Director Xander Robin's 'Are We Not Cats' is deeply personal and unafraid of taking viewers along for the ride.
Everyone has an inner weirdness. Getting comfortable with it is a different matter entirely. Predisposed as we are to hide these parts of our strangest traits, the suggestion of finding humor in them sounds laughably impossible. Enter Xander Robin, whose capacity to embrace the strangest parts of himself and his willingness to make them visible on screen is what makes his feature debut, Are We Not Cats, unmissable.
With a knack for finding beauty in the most unlikely places, Robin creates tones and textures so forceful that you become enveloped by details that reach near tangible levels of immediacy. Haplessly reckless and unashamedly filthy, Eli (Michael Patrick Nicholson) plows onward through an existential tailspin of which he is not yet aware, allowing the breadcrumb generosity of his man-child friends, the maniacal insanity of a bro drinking antifreeze, and the kindness of weird dads to carry him merrily along into the backwoods of New York, where he finds comfort in sinister vulnerability.
Delightfully dry and as interested in tangential conversation as I am, Xander Robin sat down with No Film School to discuss the poetics of filth, anxiety imagery, and finding humor in the things of which we are most ashamed.
No Film School: Where did this crazy storyline come from? What was the initial germ?
Xander Robin: It began with an image and a reframed thought. The image was of two people embracing after having pulled out each other’s hair and by unlocking a different way of thinking about all the things I thought made me such a freak when I was younger, I was able to find a way to incorporate hair, skin, and nails to create a different form of horror in this storyline that sprang from the image.
Ever since I was 12, I’ve had a mild case of trichotillomania, which is a disorder that involves recurrent, often irresistible urges to pull out body hair. It’s one of the compulsive ways anxiety expresses itself in my body. I had read about it enough when I was younger just by searching on the internet and learned that this is a real disorder that exists and that there are people with much more severe cases than I have.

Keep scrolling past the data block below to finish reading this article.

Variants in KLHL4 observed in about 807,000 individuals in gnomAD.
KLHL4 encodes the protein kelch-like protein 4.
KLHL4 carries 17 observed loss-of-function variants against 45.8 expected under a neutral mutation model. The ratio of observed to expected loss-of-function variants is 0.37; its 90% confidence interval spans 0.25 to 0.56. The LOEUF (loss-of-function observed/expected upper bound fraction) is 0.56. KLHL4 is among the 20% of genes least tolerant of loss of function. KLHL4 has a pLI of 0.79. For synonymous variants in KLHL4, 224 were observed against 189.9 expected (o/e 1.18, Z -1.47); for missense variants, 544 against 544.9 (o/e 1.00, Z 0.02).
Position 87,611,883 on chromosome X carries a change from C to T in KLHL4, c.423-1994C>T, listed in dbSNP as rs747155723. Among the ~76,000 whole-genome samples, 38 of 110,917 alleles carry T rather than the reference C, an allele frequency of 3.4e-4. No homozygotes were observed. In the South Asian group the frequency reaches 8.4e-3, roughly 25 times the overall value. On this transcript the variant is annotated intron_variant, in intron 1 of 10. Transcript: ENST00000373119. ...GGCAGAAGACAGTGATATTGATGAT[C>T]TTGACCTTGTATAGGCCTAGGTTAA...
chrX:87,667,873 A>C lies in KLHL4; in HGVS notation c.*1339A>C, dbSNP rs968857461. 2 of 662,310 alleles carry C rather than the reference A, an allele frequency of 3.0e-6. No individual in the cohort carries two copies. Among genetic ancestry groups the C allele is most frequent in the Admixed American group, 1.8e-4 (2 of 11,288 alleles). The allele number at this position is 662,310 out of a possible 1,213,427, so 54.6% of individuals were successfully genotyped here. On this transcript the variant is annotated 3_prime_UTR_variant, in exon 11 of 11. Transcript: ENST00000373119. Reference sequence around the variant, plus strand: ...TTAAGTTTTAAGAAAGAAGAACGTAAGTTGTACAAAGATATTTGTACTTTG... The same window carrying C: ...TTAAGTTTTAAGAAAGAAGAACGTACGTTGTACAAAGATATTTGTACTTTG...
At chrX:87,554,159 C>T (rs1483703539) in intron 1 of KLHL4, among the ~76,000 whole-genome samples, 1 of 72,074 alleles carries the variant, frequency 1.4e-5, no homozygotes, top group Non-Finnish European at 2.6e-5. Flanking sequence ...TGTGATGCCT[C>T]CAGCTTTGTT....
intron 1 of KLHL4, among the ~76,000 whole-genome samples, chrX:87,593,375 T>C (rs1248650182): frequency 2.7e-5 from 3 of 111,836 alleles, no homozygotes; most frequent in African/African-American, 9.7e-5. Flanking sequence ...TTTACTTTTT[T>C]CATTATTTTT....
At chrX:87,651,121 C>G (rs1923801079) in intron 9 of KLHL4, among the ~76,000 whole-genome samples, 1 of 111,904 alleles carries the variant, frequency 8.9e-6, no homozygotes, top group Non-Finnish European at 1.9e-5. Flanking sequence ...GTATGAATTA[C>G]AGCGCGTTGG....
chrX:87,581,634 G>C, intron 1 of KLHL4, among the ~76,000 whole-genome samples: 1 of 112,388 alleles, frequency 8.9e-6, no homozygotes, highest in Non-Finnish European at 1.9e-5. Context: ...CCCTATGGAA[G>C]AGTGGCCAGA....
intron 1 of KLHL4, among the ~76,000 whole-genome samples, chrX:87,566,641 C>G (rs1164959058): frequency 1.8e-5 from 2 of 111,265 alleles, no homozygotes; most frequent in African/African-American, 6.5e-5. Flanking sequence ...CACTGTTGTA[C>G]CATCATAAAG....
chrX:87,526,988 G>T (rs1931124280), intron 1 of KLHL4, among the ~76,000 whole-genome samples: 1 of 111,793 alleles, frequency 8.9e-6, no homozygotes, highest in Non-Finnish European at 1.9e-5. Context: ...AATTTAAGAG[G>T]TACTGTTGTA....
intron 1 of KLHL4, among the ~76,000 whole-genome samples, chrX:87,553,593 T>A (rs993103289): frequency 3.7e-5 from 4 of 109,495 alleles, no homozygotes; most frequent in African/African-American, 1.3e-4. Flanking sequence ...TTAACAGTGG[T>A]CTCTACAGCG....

Hearing all these people share their own experience with the disorder made me realize I wasn’t as weird as I thought I was. You know, because it wasn’t something I really talked about. It doesn’t really lend itself well to dinner conversations. Finding the forum made me feel like less of a freak.
"I was even comparing it to the idea of dating someone who smoked a lot. I don’t smoke at all, but what if I met someone that smokes a lot? I’d probably end up smoking a lot too."
In college, I only wanted to make movies about romance, but those early efforts didn't feel the way I felt inside. By the end of college, I had started to tie in the body anxieties into romance movies as a way to evoke in the viewer the physical and emotional feelings as I experience them.
I started weaving them in as a kind of abstract horror device to make it feel much more personal, much more visually stimulating and fun. When I started putting the idea together for Are We Not Cats, I thought, why not make it much more specific to trichotillomania and the visceral horrors of trichophagia (which is hair eating).
With that as my starting point, I thought, "okay! I want to make another romance-horror movie that’s about a guy with mild trichotillomania who meets someone with severe trichotillomania" and see how, as the relationship unfolds, their compulsions escalate.
At the time, I was even comparing it to the idea of dating someone who smoked a lot. I don’t smoke at all, but what if I met someone that smokes a lot? I’d probably end up smoking a lot too. And if I ended up smoking a lot too, maybe they would smoke even more! It’d be this wild snowball effect It’d be this wild snowball effect of treating your body badly to increasing degrees.
NFS: The way you shoot the body—the plucking of a hair or scratching a rash—added a frightening level of physicality to the film that's not unlike torture porn. But then there’s the added layer of vulnerability and self-consciousness because of the way this physicality expresses itself in the shame of bearing your body in a relationship. The images had an emotional valence to them. In doing so, you’re integrating the physical symptoms of anxiety with the mental state. I really haven't seen that done before in film.
Robin: I wanted to capture that crazy feeling of trying to get at a hair you can’t quite grasp. You’re determined to get the satisfaction of pulling it out, so you keep trying, sometimes destroying all the skin around it in the process. And when you finally do, when you finally pull out the hair, it doesn’t feel as satisfying as you thought it would be. Then you just kind of want to keep going and going until you finally find that single hair that feels immensely rewarding to pull out…. but it doesn’t exist. It’s a false reward.